Sibanye-Stillwater shuts down Marikana shaft, retrenches workers

Sibanye CEO Neal Froneman has been accused by workers unions of being heavy-handed with the retrenchments. Picture: Nokuthula Mbatha/Independent Newspapers

Sibanye CEO Neal Froneman has been accused by workers unions of being heavy-handed with the retrenchments. Picture: Nokuthula Mbatha/Independent Newspapers

Published Apr 19, 2024


Sibanye-Stillwater, which has been retrenching employees across its South African gold and platinum group metals (PGMs) operations in the past few months, is shutting down the 4 Belt PGM shaft at Marikana in the North West province.

The closure comes five years after the initial proposed closure in 2019, with several successful initiatives supported by stronger PGM prices, enabling the shaft to remain open to mine the last remaining economically extractable reserves.

Sibanye CEO Neal Froneman yesterday said the company has determined that the 4B shaft’s lack of viability will tip its other operations into loss-making.

“Despite 4B shaft having limited remaining economic reserves, the decision to close a shaft is never taken lightly,” Froneman said.

“We cannot, however, continue to absorb ongoing losses, which in turn affects the viability of the rest of the SA PGM operations to the detriment of all stakeholders.”

The company employed 1 496 employees and 54 contractors at the 4B shaft.

After dangling a condition to employees that the mine operate viably and profitably to avoid retrenchments, Sibanye’s negotiations with mineworkers resulted in a reduction of 226 employees from the shaft since February as a result of natural attrition and not being replaced.

Sibanye said about 469 employees had been transferred from the shaft to other PGM operations, while 643 employees were granted voluntary separation or early retirement packages, and a further 93 employees whose fixed-term contracts are ending will not be renewed.

However, a further 65 employees from the shaft could not be accommodated and have been retrenched, while 54 contractors have been terminated, leaving scores jobless.

“We are encouraged that the number of forced retrenchments was limited and we acknowledge and thank all stakeholders for their constructive engagement during the process,” Froneman said.

Mineworkers at the mine yesterday told Business Report that there were still extractable PGM resources at the Marikana shaft, and accused Sibanye executives of prioritising protection of earnings from the time when commodity prices were high.

“Sadly, they are in a rush to protect whatever they earned from the good prices days at whatever cost,” said one employee from the shaft.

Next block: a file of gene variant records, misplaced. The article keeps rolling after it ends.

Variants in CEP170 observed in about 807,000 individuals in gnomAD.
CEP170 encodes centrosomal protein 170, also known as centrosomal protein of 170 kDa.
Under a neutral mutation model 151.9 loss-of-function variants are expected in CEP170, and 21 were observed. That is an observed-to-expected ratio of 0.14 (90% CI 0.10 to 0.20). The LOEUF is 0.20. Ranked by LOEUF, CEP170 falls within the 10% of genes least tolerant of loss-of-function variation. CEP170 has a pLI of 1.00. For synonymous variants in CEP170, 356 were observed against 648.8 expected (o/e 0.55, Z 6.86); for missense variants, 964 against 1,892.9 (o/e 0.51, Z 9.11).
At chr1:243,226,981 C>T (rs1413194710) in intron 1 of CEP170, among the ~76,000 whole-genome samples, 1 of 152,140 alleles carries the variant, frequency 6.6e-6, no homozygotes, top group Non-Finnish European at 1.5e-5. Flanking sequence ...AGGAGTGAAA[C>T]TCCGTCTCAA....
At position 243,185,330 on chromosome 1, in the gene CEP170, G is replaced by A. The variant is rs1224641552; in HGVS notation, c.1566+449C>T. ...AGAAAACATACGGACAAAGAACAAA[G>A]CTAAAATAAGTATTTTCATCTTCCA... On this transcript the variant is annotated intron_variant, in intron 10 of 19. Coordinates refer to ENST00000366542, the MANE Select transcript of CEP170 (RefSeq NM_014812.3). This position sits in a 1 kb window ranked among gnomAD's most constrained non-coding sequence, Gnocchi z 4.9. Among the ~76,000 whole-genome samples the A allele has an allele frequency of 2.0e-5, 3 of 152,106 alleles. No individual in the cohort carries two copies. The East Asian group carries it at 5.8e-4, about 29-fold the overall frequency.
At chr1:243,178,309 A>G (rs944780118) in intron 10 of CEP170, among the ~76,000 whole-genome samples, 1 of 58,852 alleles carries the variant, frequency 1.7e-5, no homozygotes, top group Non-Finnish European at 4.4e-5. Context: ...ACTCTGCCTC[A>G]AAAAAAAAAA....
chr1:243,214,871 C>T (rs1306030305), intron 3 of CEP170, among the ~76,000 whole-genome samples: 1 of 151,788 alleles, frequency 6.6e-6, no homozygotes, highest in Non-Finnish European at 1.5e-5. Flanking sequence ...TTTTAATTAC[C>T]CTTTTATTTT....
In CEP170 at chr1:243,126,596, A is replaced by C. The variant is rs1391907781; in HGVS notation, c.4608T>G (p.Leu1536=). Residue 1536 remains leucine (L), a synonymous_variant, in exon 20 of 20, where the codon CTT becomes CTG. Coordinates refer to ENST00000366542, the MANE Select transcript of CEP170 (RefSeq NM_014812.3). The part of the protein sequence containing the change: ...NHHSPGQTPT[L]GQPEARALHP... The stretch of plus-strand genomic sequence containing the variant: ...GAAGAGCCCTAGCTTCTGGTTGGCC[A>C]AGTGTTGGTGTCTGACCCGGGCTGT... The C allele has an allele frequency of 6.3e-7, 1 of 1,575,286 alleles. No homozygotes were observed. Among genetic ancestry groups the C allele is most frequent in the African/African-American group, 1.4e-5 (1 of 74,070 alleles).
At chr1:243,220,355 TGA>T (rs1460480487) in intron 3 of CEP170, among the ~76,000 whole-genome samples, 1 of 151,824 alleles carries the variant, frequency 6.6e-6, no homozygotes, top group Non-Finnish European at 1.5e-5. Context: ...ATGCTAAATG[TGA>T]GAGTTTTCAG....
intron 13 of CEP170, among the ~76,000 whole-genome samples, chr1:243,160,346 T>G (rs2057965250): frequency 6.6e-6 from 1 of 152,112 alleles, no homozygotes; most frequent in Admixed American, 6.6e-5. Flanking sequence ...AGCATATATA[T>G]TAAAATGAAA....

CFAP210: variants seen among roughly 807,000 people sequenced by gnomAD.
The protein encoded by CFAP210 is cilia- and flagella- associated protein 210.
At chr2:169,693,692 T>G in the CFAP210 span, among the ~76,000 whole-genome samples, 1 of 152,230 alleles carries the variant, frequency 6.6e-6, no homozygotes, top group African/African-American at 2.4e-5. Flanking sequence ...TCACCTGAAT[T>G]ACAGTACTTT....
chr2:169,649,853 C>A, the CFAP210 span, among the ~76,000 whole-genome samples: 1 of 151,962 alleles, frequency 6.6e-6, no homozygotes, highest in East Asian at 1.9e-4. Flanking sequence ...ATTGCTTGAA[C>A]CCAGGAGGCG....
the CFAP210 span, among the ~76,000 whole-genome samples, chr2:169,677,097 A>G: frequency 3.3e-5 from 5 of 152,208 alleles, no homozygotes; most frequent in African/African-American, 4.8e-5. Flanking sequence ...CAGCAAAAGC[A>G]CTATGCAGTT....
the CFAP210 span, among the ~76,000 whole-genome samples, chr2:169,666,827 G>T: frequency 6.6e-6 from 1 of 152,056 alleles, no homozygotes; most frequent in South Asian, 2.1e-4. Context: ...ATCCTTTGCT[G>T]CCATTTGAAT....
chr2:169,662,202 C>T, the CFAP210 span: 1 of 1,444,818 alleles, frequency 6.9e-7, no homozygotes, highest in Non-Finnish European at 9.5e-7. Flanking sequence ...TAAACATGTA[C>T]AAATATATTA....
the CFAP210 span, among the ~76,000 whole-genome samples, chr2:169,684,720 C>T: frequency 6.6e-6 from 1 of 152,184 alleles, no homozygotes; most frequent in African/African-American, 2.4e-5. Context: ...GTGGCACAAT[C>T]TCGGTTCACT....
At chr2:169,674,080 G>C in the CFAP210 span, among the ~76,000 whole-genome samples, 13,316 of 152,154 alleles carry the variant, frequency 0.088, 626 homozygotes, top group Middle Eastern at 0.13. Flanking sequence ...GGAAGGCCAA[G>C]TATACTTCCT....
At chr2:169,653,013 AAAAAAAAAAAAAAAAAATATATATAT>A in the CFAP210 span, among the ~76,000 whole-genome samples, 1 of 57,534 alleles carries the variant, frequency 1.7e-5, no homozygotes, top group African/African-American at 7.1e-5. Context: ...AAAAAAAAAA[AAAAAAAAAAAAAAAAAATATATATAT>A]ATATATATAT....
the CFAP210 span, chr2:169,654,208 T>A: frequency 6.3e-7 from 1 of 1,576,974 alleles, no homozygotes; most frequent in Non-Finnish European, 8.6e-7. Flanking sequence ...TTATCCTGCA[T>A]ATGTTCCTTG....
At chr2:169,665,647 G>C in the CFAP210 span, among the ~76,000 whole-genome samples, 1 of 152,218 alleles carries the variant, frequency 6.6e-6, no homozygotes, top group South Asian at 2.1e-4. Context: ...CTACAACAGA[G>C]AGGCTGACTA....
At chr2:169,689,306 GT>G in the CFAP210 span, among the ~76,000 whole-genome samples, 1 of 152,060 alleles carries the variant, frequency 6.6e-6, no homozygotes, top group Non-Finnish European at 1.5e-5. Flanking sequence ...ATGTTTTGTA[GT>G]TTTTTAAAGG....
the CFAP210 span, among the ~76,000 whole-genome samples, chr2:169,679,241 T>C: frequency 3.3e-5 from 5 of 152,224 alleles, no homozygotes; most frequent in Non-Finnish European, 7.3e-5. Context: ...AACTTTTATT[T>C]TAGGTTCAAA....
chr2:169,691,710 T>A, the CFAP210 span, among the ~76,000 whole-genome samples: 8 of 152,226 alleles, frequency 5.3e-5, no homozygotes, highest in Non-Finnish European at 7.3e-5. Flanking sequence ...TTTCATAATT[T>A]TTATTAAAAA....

“It’s a sad day because we had agreed that if profitability improved there would be no retrenchments, but we are surprised that that decision has now been abandoned.”

Mineworkers unions were not immediately available for comment about this development yesterday.

However, they have been up in arms with Sibanye over the retrenchments, accusing Froneman of being heavy-handed with the retrenchments.

Meanwhile, Sibanye said Siphumelele shaft in Rustenburg will resume production next month after it suffered damage to its surface infrastructure in February, resulting in the suspension of operations.

Repairs at the Siphumelele shaft had progressed according to schedule, with all employees returning from leave this week in preparation for start-up procedures.

The Siphumelele shaft was forecast to produce an average of approximately 4 500 PGM ounces per month, or 54 000 ounces for 2024, accounting for about 3.5% of annual production from the Sibanye’s PGM operations in South Africa.

“As for Siphumelele, we are encouraged by the progress of the repair work at the shaft post the ore collector bin incident,” said Froneman.

In 2023, Sibanye-Stillwater sank into a loss of $2 billion.

Froneman has emphasised that the company continues to “act prudently to protect the balance sheet and ensure the sustainability” of the group.

Last week, Sibanye-Stillwater announced retrenchment of nearly 4 000 workers from its South Africa gold and head office operations.

It said some shafts had been loss-making while closure of others in the past few months had necessitated a reduction in shares services for its southern Africa region.

Labour union Solidarity said it “will ask for retrenchments to be put on hold until we conclude wage negotiations” with Sibanye.